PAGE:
Federal Reserve governor throws cold water on future CBDC

Quick Take

  • Federal Reserve Governor Michelle Bowman said she has not yet seen a compelling argument for a U.S. central bank digital currency, adding that other alternatives could solve financial challenges. 

Federal Reserve Governor Michelle Bowman said she has not yet seen a compelling argument that a U.S. central bank digital currency would solve issues that other alternatives couldn't.

Bowman said arguments made in favor of a CBDC, including financial inclusion and addressing frictions within the payment system, may not be unique to just CBDCs. The Fed official spoke Tuesday at a roundtable hosted by Harvard Law School. 

"These are all important issues. I have yet to see a compelling argument that a U.S. CBDC could solve any of these problems more effectively or efficiently than alternatives, or with fewer downside risks for consumers and for the economy," Bowman said in a speech.  

Bowman, who has been hesitant about CBDCs in the past, said FedNow and other soultions could solve those challenges. FedNow was launched over the summer, which allows financial institutions to send and receive instant payments in real time, cutting down the time for transactions to settle. 

"FedNow, and a similar private sector service, is designed to help make everyday payments faster and more convenient, allowing consumers to instantly receive funds with same-day access, and enabling small businesses to more efficiently manage cash flows without processing delays," Bowman said. "Future innovations may further build upon these services to more effectively address payment systems frictions and financial inclusion."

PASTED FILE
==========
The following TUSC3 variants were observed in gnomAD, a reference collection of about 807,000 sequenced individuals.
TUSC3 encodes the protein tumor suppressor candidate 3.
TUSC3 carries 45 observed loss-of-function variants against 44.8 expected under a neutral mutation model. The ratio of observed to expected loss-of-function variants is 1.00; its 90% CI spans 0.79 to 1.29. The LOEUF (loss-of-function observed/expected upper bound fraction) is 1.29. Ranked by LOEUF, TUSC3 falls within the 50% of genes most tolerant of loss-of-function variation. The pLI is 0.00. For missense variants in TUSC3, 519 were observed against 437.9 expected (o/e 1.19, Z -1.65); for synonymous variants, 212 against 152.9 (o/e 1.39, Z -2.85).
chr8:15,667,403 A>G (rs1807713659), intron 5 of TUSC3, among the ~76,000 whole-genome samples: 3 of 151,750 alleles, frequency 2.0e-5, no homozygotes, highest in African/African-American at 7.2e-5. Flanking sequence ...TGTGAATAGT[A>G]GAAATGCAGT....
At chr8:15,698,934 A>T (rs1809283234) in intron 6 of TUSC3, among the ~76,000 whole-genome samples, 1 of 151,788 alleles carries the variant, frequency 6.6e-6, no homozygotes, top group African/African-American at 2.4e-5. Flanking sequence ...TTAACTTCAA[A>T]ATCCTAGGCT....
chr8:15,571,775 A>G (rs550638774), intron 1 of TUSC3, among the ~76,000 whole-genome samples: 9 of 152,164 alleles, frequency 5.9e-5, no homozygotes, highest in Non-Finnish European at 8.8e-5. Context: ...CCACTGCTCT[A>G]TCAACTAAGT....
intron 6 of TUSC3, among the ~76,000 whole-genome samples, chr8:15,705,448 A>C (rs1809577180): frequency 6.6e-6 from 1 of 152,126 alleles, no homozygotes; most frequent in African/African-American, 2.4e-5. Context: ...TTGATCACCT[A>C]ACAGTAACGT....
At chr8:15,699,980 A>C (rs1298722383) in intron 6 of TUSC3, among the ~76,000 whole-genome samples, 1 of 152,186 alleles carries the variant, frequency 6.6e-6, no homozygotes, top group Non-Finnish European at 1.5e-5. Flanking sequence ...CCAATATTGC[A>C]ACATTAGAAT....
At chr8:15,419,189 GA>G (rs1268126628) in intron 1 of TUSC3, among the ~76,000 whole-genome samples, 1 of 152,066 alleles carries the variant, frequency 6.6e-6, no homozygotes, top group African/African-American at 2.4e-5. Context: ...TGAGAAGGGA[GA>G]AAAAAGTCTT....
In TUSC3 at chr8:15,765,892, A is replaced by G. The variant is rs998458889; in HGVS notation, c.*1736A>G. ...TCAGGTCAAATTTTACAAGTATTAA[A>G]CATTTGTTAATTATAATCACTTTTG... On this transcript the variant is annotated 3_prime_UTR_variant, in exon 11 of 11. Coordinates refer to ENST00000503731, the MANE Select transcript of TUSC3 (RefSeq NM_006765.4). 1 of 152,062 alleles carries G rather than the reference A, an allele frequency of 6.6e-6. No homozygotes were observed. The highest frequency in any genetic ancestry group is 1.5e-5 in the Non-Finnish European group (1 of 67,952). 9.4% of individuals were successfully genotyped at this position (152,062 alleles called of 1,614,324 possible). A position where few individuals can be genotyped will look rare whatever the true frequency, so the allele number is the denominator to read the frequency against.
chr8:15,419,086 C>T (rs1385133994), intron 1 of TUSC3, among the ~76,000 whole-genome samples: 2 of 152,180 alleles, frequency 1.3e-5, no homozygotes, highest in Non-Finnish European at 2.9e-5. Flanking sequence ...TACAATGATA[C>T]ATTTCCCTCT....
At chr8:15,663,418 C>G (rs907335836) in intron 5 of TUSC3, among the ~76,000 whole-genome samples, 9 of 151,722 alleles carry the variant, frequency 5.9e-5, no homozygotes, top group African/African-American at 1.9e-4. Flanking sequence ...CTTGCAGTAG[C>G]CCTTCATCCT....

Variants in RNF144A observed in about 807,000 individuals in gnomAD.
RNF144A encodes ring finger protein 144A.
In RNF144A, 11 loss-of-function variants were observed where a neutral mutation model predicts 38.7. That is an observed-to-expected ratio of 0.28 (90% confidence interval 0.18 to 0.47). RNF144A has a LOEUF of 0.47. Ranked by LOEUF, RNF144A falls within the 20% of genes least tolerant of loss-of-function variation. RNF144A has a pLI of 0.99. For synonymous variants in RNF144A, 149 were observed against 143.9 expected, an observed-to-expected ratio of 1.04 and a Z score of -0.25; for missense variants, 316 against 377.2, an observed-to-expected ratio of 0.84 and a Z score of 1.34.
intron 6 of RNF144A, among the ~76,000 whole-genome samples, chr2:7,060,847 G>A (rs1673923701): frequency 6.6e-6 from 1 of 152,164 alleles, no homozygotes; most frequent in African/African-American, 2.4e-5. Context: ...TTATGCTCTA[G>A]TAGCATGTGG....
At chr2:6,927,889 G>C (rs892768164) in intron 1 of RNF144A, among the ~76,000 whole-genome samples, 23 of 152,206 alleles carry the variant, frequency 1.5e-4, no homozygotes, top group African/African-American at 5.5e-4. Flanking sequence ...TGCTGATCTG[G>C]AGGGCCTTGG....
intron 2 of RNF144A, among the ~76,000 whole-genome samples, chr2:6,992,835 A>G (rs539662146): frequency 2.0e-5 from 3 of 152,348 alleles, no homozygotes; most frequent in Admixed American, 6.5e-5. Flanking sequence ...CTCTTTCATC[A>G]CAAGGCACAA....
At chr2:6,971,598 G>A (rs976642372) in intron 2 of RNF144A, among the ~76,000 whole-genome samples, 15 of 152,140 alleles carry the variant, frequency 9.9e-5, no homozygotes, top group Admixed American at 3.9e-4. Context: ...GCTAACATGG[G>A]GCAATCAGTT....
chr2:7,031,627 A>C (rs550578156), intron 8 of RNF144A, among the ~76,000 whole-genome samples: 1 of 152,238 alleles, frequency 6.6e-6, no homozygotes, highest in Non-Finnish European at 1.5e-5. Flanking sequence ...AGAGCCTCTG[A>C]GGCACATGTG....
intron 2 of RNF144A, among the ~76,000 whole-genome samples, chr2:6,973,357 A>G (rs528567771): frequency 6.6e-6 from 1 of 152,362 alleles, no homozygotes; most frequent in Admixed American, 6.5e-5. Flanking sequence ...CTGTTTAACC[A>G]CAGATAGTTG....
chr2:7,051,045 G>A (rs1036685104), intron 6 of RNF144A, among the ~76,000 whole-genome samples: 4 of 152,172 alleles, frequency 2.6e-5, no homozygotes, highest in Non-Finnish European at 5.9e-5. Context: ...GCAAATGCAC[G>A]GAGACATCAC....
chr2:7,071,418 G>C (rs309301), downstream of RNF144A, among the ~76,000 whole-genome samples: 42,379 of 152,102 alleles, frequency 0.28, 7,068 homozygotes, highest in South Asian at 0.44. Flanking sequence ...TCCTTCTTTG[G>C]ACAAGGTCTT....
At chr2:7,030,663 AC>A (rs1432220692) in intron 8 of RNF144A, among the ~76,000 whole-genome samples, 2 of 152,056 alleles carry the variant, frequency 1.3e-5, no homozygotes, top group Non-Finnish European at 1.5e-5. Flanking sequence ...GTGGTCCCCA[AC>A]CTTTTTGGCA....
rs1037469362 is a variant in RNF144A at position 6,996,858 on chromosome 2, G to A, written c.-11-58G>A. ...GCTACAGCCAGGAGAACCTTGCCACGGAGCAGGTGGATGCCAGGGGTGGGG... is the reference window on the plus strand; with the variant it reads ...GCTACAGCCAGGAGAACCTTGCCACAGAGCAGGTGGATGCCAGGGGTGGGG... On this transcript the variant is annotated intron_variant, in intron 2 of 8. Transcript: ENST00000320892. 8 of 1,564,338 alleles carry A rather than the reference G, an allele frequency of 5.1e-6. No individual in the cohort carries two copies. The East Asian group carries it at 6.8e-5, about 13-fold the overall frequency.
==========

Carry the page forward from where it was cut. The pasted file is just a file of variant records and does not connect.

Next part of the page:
The Federal Reserve has been exploring the possibility of issuing a CBDC, though an official said in September that the central bank was not close to developing it quite yet. The central bank released a report last year examining the pros and cons of a CBDC, and it has said it would need support from Congress in order to issue a CBDC. 


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Bowman did say, however, that research is still vital as other countries continue to pursue CBDCs. So far 130 countries, representing 98 percent of gross domestic product, are exploring a CBDC, according to the Atlantic Council. 


Bowman also criticized stablecoins and said they could pose risks to consumers and the U.S. banking system. 

"While I support responsible innovation that benefits consumers, I caution against solutions that could disrupt and disintermediate the banking system, potentially harming consumers and contributing to broader financial stability risks," Bowman said. 

Lawmakers are weighing legislation to regulate stablecoins. A bill was advanced out of a House committee over the summer, but will likely face headwinds if taken up by the Senate. 

© 2023 The Block. All Rights Reserved. This article is provided for informational purposes only. It is not offered or intended to be used as legal, tax, investment, financial, or other advice.

About Author

Sarah is a reporter at The Block covering policy, regulation and legal happenings. Before, Sarah was a reporter with CQ Legal writing about securities regulation, which is where she first started reporting on crypto. Sarah has also written for The Bond Buyer and American Banker, among other finance-related publications. She graduated from the University of Missouri and earned a degree in print and digital journalism. Sarah is based in Washington D.C., and is an avid coffee lover. You can follow her on Twitter @ForTheWynn.


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